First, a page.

The front end is the front line when it comes to capturing Center Store impulse sales.
While sales of traditional single-serve candy bars, gums and mints remain strong impulse items, retailers have been increasing front-end sales by merchandising salty snacks, cookies, crackers, cold soft drinks and nonfood items in their checkout lanes.
With an eye toward making this prime piece of real estate even more productive, some chains are even instituting category management plans for the front end, or getting help from wholesalers or other retail partners.
"The front end is a tremendous area to get that added sale," said Bob Dykhouse, general manager at Great Day Foods, Grand Rapids, Mich. "The customers are waiting on line -- hopefully they aren't waiting too long -- and it is a great place to pick up that incremental sale."
"Our sales at the front end have been increasing overall," said Susan Mayo, a spokeswoman for Harris Teeter, Charlotte, N.C.
Mayo credits much of Harris Teeter's front-end sales increases to category management, which has helped the chain broaden its product selection.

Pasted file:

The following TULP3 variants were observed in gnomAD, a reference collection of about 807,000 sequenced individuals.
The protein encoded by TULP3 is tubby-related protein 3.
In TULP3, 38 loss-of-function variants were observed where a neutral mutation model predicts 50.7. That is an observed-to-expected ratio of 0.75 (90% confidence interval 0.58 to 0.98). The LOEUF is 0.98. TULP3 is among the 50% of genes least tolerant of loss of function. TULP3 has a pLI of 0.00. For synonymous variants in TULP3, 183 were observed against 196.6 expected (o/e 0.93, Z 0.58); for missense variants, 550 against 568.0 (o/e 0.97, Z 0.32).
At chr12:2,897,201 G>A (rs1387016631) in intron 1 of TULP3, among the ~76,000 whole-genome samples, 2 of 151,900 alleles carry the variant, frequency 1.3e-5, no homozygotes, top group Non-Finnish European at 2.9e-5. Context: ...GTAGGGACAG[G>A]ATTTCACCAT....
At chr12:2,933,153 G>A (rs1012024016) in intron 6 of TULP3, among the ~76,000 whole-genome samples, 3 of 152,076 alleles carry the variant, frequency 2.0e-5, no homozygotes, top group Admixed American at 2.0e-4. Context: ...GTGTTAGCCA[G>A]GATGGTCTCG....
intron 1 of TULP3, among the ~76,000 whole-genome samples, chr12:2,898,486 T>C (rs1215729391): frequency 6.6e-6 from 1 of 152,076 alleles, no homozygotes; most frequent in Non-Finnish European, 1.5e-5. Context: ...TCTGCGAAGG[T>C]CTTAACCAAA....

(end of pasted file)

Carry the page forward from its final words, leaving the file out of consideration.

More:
"We still merchandise candy/ gum and the like, but we have added some impulse-oriented general merchandise items, such as kids stickers, balloons, best-selling paperbacks and seasonal novelties," she said.
Tom Yarrows, category manager for Big Y Foods, Springfield, Mass., said his chain is considering category management for the front end.
"We practice category management and are systematically going through all of the categories in the grocery department. At this point we do not have formal plans for front-end candy, but we employ many category management principles there and [will have a plan] in the future," he said.
Yarrows said front-end gum, mint and candy sales remain strong, partly because all the top items and new candy products are merchandised on front-end racks.
"Our most popular items are the candy bars with multiple retails at three for a buck. Other products come into play on the front end, such as soda and salty snacks," he said, noting that most of the registers use a standard candy set.